BMP (Bitmap) is an amazing format, offering crystal-sharp and clear images, with precise color reproduction due to an infinite color depth of 16.4 million colors. Any image size is supported, as well as any image type. Also, any image viewer and editor supports BMP, as it’s a well-known format. BUT, it doesn’t support compression, which is a big flaw. Having that in mind, you should know that BMP files will often take a huge amount of space compared to JPEG or GIF. For example, BMP file could take you five times more space than JPEG file.
PCX stands for PiCture eXchange and its use is mostly in PC Paintbrush apps based on MS-DOS. Yes, it’s an old format, but Microsoft still uses it in their products, being a tyle of Bitmap, and an exchange and storage format. PCX doesn’t support a relatively wide variety of colors like 4-bit, 8-bit and 24-bit. However, PCX represents an uncompressed file format, so it may take some space in your storage.
9. JPEG 2000
JPEG is a successor of JPEG format, and it delivers a better compression than the standard JPEG format, offering both lossless and lossy compression. Surely, JPEG 2000 is a little better than JPEG, but it isn’t so popular, and that’s the reason it’s not in the first spot. For example, some apps like Microsoft Word or Firefox didn’t include the support for this format yet, and this is the only downside to this format.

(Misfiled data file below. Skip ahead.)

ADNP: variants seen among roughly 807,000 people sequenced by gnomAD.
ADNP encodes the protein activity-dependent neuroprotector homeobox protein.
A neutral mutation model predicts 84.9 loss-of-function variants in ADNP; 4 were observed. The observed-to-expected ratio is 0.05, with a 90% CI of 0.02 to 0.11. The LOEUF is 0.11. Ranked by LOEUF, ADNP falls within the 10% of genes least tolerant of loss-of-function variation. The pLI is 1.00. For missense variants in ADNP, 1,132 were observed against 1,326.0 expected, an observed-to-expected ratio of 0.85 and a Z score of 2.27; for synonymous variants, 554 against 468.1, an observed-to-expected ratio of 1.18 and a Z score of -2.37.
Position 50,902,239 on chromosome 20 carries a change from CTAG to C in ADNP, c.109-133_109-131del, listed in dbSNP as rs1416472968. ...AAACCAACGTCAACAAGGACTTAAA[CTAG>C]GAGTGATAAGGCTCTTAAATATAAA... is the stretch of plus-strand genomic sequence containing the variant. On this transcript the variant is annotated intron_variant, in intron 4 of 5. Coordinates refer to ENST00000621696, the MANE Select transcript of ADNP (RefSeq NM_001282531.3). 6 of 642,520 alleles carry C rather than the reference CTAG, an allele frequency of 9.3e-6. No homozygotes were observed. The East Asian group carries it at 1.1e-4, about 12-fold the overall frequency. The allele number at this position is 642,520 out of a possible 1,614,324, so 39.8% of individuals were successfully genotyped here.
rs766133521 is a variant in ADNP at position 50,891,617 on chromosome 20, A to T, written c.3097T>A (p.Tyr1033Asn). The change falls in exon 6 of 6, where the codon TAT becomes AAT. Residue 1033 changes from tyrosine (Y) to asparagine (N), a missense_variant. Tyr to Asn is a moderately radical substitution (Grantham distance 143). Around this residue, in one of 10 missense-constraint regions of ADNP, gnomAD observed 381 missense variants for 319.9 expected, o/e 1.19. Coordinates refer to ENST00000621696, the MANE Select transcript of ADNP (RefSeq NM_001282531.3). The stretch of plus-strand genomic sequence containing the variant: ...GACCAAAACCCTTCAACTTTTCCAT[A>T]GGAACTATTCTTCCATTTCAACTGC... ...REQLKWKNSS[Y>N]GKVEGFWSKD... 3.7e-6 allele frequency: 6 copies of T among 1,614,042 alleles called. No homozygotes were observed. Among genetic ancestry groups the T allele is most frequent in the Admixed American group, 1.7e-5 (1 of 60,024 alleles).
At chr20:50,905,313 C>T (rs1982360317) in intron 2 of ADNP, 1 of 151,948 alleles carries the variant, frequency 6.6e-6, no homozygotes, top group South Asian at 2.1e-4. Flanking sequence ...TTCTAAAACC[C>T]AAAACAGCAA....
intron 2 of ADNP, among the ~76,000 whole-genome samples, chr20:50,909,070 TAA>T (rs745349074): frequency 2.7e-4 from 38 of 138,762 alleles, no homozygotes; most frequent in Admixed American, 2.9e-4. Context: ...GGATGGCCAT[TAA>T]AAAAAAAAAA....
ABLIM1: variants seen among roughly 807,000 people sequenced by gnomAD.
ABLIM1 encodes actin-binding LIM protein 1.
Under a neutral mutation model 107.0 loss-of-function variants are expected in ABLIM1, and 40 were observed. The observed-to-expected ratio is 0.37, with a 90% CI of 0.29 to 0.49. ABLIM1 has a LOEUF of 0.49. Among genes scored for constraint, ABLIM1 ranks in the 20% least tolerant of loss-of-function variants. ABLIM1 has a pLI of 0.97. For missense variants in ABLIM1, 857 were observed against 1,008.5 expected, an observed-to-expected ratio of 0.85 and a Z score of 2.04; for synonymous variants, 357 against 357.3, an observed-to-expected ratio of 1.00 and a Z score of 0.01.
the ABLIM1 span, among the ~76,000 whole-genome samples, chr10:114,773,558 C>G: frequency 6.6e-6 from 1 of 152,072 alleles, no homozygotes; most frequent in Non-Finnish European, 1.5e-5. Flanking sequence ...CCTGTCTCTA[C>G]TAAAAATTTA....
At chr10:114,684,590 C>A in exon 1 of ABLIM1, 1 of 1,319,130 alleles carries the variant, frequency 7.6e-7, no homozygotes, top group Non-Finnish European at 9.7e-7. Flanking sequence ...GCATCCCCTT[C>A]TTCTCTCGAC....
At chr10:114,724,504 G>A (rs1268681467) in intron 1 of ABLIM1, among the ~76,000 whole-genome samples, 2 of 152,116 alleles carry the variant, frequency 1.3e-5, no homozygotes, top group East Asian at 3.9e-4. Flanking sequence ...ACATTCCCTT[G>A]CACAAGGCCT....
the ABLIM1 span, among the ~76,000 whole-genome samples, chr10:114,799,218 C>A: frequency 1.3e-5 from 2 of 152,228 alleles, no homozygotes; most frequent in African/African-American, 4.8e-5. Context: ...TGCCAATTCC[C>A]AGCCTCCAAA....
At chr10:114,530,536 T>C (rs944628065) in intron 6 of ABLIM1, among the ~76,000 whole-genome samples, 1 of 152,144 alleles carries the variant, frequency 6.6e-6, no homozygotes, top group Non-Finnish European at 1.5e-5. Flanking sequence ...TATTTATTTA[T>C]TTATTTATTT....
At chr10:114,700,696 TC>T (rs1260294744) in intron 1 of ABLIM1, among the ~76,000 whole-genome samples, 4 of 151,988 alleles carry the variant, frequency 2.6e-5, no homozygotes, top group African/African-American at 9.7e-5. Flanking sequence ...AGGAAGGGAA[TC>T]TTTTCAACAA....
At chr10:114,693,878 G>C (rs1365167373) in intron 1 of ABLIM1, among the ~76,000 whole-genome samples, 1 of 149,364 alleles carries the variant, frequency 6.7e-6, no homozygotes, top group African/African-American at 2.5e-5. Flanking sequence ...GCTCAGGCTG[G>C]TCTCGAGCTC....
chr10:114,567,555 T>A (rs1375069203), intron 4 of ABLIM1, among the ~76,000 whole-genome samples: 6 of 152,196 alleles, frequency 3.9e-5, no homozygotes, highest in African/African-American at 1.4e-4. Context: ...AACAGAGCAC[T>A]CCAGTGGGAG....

TARGA (Truevision Graphics Adapter) also known as TGA, is an image file that dates back to 1984, when it was created by Truevision. If you haven’t heard about this format, well now you did. If you see this format, don’t worry, as your Photoshop or GIMP can open it. It’s a format that can be both raw and compressed, so file sizer may vary. I bet you’ll rarely see this type of file, and when you see it, you know how you can open it, as TARGA is now a less popular format than it was a decade ago.
Best Image Formats
Now you know the most widely used photo formats in the world. However, the sorting of these formats may change time to time as the image trends changes. But still, I don’t think any of the other formats are going to overtake JPG or PNG in near future. If you don’t believe me, just browse through your photo collection and take a count how many of them are either in the JPEG format or in the PNG. Then compare with the others that are in other formats. Got it?